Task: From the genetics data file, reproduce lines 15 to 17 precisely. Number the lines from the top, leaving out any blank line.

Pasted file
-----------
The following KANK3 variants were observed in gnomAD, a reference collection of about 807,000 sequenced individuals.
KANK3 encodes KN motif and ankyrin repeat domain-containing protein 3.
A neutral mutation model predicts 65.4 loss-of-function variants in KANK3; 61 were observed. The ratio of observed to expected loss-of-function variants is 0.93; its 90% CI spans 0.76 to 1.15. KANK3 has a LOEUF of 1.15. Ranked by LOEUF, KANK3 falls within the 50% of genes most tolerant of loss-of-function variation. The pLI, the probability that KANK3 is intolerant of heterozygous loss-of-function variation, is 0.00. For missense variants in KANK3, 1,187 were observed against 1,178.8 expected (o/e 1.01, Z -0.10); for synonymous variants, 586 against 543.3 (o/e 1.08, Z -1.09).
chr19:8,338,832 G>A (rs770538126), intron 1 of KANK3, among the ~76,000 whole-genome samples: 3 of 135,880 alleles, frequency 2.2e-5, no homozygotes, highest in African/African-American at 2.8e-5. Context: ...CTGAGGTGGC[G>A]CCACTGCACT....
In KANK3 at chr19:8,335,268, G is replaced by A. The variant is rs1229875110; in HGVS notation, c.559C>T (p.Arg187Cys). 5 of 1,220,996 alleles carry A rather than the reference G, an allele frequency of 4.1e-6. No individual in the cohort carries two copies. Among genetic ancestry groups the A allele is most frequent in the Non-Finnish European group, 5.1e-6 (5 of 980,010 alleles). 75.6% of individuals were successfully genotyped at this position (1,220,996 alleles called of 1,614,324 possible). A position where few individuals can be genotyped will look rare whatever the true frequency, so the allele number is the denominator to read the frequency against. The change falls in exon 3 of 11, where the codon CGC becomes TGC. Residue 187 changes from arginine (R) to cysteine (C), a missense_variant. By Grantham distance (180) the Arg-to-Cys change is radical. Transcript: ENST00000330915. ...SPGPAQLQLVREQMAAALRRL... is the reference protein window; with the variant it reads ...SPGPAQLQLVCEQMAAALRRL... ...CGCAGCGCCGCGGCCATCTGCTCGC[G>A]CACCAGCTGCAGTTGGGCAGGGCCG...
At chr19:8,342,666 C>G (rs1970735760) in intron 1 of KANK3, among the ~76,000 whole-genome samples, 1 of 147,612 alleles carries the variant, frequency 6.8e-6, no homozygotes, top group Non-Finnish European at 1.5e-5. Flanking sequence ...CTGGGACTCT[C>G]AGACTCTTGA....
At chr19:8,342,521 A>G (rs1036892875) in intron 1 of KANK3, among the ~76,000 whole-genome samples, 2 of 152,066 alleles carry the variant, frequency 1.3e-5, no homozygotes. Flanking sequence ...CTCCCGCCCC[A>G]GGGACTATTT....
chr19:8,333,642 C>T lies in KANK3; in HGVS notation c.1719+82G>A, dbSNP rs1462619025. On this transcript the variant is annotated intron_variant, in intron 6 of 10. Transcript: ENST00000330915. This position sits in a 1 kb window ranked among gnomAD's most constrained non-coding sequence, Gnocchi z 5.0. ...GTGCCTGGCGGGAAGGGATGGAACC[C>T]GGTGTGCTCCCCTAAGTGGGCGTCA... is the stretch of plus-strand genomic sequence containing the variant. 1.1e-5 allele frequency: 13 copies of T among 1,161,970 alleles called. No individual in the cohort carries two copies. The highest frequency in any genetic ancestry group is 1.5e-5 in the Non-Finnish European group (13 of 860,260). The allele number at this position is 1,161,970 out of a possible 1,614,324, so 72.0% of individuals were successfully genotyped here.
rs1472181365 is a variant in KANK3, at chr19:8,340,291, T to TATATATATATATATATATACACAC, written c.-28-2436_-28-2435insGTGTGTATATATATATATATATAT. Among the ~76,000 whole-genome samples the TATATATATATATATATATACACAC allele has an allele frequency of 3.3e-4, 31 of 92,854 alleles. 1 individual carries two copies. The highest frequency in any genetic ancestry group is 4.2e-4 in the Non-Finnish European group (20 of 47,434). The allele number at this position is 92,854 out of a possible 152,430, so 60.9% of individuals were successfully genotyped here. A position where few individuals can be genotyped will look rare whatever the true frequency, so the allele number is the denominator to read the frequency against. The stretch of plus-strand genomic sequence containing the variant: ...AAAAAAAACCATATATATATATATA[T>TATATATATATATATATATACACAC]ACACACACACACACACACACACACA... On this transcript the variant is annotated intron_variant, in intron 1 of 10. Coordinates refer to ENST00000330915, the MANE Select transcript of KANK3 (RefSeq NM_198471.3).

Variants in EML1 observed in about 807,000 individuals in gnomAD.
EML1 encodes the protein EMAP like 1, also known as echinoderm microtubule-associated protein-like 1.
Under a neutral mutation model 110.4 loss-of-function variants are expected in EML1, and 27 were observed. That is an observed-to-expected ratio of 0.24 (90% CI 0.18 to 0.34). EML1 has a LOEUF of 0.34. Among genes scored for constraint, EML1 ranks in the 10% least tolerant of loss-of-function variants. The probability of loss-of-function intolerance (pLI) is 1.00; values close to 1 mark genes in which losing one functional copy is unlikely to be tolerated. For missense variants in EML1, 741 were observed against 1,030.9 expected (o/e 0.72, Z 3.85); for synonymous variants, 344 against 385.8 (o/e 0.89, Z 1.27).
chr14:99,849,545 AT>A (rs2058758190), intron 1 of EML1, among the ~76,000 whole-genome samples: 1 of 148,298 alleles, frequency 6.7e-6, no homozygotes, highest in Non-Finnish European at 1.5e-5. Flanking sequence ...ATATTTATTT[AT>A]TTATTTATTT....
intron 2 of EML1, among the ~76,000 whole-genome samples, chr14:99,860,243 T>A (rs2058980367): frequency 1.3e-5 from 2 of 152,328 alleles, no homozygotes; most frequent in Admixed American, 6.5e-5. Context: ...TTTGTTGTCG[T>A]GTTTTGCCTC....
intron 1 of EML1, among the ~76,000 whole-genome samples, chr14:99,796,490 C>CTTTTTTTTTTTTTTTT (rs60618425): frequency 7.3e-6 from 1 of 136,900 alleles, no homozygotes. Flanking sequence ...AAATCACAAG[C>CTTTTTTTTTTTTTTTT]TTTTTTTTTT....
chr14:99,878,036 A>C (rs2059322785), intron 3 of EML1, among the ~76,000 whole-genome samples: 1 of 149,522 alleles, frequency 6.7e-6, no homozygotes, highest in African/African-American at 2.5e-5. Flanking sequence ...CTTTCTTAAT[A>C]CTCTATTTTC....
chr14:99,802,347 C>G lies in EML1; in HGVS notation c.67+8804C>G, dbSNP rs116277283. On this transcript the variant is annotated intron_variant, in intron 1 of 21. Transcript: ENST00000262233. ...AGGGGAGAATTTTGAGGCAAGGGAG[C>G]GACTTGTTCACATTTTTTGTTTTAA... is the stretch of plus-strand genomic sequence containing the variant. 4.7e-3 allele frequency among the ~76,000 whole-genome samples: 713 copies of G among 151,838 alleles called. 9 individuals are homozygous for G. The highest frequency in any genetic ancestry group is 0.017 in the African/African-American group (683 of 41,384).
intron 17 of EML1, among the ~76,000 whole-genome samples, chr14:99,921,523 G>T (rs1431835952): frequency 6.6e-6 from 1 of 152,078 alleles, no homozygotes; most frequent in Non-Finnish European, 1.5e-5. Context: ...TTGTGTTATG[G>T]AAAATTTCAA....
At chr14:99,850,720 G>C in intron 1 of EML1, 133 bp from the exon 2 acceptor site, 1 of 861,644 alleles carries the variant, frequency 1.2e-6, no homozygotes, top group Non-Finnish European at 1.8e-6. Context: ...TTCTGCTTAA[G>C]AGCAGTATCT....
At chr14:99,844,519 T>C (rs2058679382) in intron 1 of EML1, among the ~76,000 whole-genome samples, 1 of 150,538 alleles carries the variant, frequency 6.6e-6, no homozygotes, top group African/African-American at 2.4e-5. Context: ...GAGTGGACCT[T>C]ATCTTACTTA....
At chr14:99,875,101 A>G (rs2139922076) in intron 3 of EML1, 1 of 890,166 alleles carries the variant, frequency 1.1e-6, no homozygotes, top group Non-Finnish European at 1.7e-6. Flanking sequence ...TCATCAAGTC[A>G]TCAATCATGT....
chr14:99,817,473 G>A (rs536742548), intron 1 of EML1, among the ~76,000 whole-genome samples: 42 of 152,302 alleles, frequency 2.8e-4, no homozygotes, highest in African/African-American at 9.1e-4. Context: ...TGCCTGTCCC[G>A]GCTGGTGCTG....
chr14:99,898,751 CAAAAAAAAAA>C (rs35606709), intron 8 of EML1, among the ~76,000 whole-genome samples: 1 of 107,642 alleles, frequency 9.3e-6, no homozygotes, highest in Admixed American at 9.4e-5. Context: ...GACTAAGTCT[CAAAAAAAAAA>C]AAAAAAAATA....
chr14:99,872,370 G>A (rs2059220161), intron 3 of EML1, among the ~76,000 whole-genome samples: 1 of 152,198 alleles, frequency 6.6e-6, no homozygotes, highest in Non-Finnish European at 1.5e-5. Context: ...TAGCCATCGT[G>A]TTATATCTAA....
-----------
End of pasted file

intron 1 of EML1, among the ~76,000 whole-genome samples, chr14:99,796,490 C>CTTTTTTTTTTTTTTTT (rs60618425): frequency 7.3e-6 from 1 of 136,900 alleles, no homozygotes. Flanking sequence ...AAATCACAAG[C>CTTTTTTTTTTTTTTTT]TTTTTTTTTT....
chr14:99,878,036 A>C (rs2059322785), intron 3 of EML1, among the ~76,000 whole-genome samples: 1 of 149,522 alleles, frequency 6.7e-6, no homozygotes, highest in African/African-American at 2.5e-5. Flanking sequence ...CTTTCTTAAT[A>C]CTCTATTTTC....
chr14:99,802,347 C>G lies in EML1; in HGVS notation c.67+8804C>G, dbSNP rs116277283. On this transcript the variant is annotated intron_variant, in intron 1 of 21. Transcript: ENST00000262233. ...AGGGGAGAATTTTGAGGCAAGGGAG[C>G]GACTTGTTCACATTTTTTGTTTTAA... is the stretch of plus-strand genomic sequence containing the variant. 4.7e-3 allele frequency among the ~76,000 whole-genome samples: 713 copies of G among 151,838 alleles called. 9 individuals are homozygous for G. The highest frequency in any genetic ancestry group is 0.017 in the African/African-American group (683 of 41,384).